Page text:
Though I spend my time on this blog commenting films and television, often at such length that I wonder if anybody actually takes the time to read what I’ve written, my main creative interest remains game design, especially when it comes to pushing the medium further in narrative directions via my system of interactive dialogue. Cinema’s a fine medium, but sometimes it’s so passive that I long for an escape into more lucid flights of fancy. It’s a feeling that’s harder and harder for me to ignore while watching movies that focus primarily on video-game culture like Tron Legacy or Summer Wars, and if my own reviews of those recent pieces of science-fiction appear to be conspicuously absent on this site, know that it’s mainly because I don’t quite feel that I could adequately cover how I feel about them in mere prose.
Perhaps at some point I’ll tackle them via some kind of shallow game-review as I did with Film Socialisme, but until then, I thought I’d share this latest game of mine, which follows suit with the same spirit in which I approached Godard’s most recent curiosity. Before, I was merely reviewing a film by making a game, rather than making another film as the New Wave pioneers sought to do. This time, however, I’ve made a game itself the subject of my ludological rant– or rather, two games. I’d like to think that Adam “Atomic” Saltsman’s Canabalt has become widespread online and on the iPhone enough for some of our readers and/or contributors to know about it by now, but it wouldn’t surprise me if it’s as new to all of you as Tristan Perich’s one-of-a-kind Kiljet. For anyone who isn’t familiar with the indie-gaming scene, however, they’re two of the most essential releases out there, and when it comes to putting together an opinion on them goes, I don’t think that simply writing does either of them justice (though I did plenty of that for my own work).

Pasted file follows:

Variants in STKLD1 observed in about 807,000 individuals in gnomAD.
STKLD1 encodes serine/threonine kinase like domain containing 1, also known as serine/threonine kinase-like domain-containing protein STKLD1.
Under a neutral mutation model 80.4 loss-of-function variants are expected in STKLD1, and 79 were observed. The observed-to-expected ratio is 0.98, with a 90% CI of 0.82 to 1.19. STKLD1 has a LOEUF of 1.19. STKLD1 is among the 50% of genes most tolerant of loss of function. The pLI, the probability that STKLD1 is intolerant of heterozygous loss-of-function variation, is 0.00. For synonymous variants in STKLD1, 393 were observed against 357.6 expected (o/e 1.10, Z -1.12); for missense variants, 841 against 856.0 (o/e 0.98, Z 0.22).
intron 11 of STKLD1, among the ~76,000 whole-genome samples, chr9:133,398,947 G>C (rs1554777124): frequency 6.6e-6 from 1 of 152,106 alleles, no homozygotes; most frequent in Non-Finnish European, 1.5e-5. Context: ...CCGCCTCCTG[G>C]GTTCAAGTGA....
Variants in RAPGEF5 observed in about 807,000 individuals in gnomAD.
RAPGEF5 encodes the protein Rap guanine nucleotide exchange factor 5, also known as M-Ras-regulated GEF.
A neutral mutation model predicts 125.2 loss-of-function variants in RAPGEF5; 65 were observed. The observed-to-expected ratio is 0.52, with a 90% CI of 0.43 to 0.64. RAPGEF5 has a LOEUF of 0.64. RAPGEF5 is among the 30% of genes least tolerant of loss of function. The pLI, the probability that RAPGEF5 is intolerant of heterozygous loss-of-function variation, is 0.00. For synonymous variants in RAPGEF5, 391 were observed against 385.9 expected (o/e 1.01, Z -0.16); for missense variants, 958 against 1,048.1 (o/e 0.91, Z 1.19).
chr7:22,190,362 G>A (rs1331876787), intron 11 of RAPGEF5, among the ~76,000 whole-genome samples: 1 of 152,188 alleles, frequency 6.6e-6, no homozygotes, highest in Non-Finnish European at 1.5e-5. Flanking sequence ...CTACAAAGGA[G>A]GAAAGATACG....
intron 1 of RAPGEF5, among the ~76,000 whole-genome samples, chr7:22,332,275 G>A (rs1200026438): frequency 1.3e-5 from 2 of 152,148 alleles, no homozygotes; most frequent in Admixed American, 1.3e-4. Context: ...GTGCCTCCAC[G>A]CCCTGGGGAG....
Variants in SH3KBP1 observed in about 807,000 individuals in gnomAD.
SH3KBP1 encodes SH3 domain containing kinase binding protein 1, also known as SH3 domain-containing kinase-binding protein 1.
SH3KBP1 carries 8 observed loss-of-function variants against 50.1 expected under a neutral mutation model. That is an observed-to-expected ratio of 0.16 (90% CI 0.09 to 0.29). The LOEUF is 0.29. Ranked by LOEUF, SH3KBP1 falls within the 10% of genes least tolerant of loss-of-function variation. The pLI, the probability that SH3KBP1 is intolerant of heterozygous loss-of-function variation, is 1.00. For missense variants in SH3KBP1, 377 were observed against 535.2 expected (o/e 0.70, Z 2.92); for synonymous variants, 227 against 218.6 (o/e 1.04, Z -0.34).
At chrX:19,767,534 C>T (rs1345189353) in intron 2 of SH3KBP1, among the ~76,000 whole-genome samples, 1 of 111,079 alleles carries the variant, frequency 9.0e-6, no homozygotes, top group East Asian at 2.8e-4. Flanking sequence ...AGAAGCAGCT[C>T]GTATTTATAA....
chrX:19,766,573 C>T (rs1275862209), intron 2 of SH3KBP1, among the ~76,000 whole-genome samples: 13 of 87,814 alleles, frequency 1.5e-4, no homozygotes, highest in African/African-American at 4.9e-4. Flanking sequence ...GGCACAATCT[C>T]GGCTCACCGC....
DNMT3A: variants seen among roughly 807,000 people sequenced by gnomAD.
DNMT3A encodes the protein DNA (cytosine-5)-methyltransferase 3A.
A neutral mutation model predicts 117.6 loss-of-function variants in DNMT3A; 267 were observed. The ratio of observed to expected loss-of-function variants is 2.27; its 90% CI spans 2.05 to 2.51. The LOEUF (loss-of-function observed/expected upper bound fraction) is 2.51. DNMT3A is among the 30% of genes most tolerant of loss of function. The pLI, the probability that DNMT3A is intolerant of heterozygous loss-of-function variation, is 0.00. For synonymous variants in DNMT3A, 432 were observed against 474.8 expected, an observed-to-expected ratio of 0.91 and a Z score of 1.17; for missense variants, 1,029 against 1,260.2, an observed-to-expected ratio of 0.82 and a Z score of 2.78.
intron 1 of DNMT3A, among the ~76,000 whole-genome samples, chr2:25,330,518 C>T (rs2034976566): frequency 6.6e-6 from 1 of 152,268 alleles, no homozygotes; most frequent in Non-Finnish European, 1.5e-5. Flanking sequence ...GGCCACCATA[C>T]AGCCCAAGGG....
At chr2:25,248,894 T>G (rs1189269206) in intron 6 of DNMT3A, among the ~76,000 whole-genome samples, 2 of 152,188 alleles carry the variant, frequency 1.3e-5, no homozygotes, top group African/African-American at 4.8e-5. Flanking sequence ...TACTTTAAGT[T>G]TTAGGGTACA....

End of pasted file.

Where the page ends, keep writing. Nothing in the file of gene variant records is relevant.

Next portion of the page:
A good game can help you forget about your troubles by inventing new ones, for you. By and large, that’s what both Canabalt and Killjet do, and in some small way I hope that Talkpack does the same. At any rate, you can follow the link above to my own blog, and then to Play This Thing, where my written review is posted. Saturday’s a good day for things like sci-fi, cartoons and video-games, anyway, and if I’ve made just one person’s brains rot a little more with this contribution, I’ll call that a job well done.